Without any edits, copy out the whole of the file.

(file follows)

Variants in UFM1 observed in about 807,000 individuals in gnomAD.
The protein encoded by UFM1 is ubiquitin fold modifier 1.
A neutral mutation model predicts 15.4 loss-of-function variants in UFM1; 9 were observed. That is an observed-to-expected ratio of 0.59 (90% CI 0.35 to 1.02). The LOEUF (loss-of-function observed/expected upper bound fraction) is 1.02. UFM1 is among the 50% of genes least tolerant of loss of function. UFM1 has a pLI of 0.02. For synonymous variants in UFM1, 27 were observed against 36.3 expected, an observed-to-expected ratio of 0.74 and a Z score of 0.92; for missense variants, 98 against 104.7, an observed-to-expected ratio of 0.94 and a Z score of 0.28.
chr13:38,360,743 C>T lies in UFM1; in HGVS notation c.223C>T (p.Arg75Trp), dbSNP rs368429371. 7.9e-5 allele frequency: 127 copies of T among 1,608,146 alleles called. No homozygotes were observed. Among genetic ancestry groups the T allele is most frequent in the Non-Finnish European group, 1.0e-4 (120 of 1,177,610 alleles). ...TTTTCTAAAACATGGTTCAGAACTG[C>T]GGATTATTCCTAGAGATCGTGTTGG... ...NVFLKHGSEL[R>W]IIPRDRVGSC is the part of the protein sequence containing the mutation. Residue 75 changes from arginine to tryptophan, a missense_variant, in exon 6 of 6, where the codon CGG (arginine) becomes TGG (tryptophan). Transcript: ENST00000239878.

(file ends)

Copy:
Variants in UFM1 observed in about 807,000 individuals in gnomAD.
The protein encoded by UFM1 is ubiquitin fold modifier 1.
A neutral mutation model predicts 15.4 loss-of-function variants in UFM1; 9 were observed. That is an observed-to-expected ratio of 0.59 (90% CI 0.35 to 1.02). The LOEUF (loss-of-function observed/expected upper bound fraction) is 1.02. UFM1 is among the 50% of genes least tolerant of loss of function. UFM1 has a pLI of 0.02. For synonymous variants in UFM1, 27 were observed against 36.3 expected, an observed-to-expected ratio of 0.74 and a Z score of 0.92; for missense variants, 98 against 104.7, an observed-to-expected ratio of 0.94 and a Z score of 0.28.
chr13:38,360,743 C>T lies in UFM1; in HGVS notation c.223C>T (p.Arg75Trp), dbSNP rs368429371. 7.9e-5 allele frequency: 127 copies of T among 1,608,146 alleles called. No homozygotes were observed. Among genetic ancestry groups the T allele is most frequent in the Non-Finnish European group, 1.0e-4 (120 of 1,177,610 alleles). ...TTTTCTAAAACATGGTTCAGAACTG[C>T]GGATTATTCCTAGAGATCGTGTTGG... ...NVFLKHGSEL[R>W]IIPRDRVGSC is the part of the protein sequence containing the mutation. Residue 75 changes from arginine to tryptophan, a missense_variant, in exon 6 of 6, where the codon CGG (arginine) becomes TGG (tryptophan). Transcript: ENST00000239878.